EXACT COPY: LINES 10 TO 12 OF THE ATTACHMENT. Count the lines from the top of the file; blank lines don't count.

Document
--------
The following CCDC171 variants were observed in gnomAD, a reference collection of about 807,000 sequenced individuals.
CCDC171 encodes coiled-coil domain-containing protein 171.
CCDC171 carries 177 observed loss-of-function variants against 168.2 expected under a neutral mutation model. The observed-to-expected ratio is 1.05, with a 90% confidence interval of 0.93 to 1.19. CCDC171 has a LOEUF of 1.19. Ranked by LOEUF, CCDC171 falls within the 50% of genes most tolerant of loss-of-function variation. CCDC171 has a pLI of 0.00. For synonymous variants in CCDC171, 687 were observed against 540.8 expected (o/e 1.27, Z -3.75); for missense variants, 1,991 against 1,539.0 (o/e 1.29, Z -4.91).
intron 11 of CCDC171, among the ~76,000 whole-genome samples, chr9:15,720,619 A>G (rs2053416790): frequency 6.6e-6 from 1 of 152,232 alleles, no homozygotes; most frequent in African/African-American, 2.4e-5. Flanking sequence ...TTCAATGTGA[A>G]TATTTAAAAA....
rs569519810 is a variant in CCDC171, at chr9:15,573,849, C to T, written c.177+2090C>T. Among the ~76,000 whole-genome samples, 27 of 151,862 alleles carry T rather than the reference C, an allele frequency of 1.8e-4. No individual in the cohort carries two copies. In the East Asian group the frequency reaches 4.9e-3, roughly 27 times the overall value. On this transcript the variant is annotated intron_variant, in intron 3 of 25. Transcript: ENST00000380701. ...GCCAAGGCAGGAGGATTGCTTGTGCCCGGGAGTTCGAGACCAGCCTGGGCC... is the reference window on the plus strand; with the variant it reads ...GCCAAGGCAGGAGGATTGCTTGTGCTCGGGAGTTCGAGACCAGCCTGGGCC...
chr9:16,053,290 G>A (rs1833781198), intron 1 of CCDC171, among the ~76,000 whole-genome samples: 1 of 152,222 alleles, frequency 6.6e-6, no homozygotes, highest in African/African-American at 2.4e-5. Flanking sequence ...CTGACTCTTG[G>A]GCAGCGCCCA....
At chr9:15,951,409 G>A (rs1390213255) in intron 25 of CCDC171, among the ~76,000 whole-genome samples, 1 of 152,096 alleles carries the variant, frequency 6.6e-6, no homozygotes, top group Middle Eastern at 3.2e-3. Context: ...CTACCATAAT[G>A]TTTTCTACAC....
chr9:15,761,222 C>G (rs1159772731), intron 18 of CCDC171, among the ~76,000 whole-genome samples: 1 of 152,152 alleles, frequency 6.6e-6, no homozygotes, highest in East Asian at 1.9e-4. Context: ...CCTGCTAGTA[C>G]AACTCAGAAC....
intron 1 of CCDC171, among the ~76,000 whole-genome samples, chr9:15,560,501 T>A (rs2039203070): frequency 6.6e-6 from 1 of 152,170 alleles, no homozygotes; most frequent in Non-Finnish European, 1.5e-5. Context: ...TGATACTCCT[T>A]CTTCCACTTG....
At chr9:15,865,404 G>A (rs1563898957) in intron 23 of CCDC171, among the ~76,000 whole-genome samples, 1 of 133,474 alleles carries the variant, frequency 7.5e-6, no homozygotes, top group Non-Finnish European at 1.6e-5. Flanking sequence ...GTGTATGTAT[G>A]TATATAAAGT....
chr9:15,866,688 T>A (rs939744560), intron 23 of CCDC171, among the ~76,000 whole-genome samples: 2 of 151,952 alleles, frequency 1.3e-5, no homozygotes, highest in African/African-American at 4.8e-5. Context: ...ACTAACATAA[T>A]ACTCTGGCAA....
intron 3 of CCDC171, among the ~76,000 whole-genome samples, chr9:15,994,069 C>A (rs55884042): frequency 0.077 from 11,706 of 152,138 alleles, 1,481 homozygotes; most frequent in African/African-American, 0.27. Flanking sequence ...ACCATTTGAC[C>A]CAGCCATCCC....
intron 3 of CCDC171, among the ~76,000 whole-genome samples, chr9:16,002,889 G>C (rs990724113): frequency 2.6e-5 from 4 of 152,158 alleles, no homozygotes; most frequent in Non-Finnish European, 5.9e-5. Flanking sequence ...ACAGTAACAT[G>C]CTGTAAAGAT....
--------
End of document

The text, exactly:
At chr9:15,865,404 G>A (rs1563898957) in intron 23 of CCDC171, among the ~76,000 whole-genome samples, 1 of 133,474 alleles carries the variant, frequency 7.5e-6, no homozygotes, top group Non-Finnish European at 1.6e-5. Flanking sequence ...GTGTATGTAT[G>A]TATATAAAGT....
chr9:15,866,688 T>A (rs939744560), intron 23 of CCDC171, among the ~76,000 whole-genome samples: 2 of 151,952 alleles, frequency 1.3e-5, no homozygotes, highest in African/African-American at 4.8e-5. Context: ...ACTAACATAA[T>A]ACTCTGGCAA....
intron 3 of CCDC171, among the ~76,000 whole-genome samples, chr9:15,994,069 C>A (rs55884042): frequency 0.077 from 11,706 of 152,138 alleles, 1,481 homozygotes; most frequent in African/African-American, 0.27. Flanking sequence ...ACCATTTGAC[C>A]CAGCCATCCC....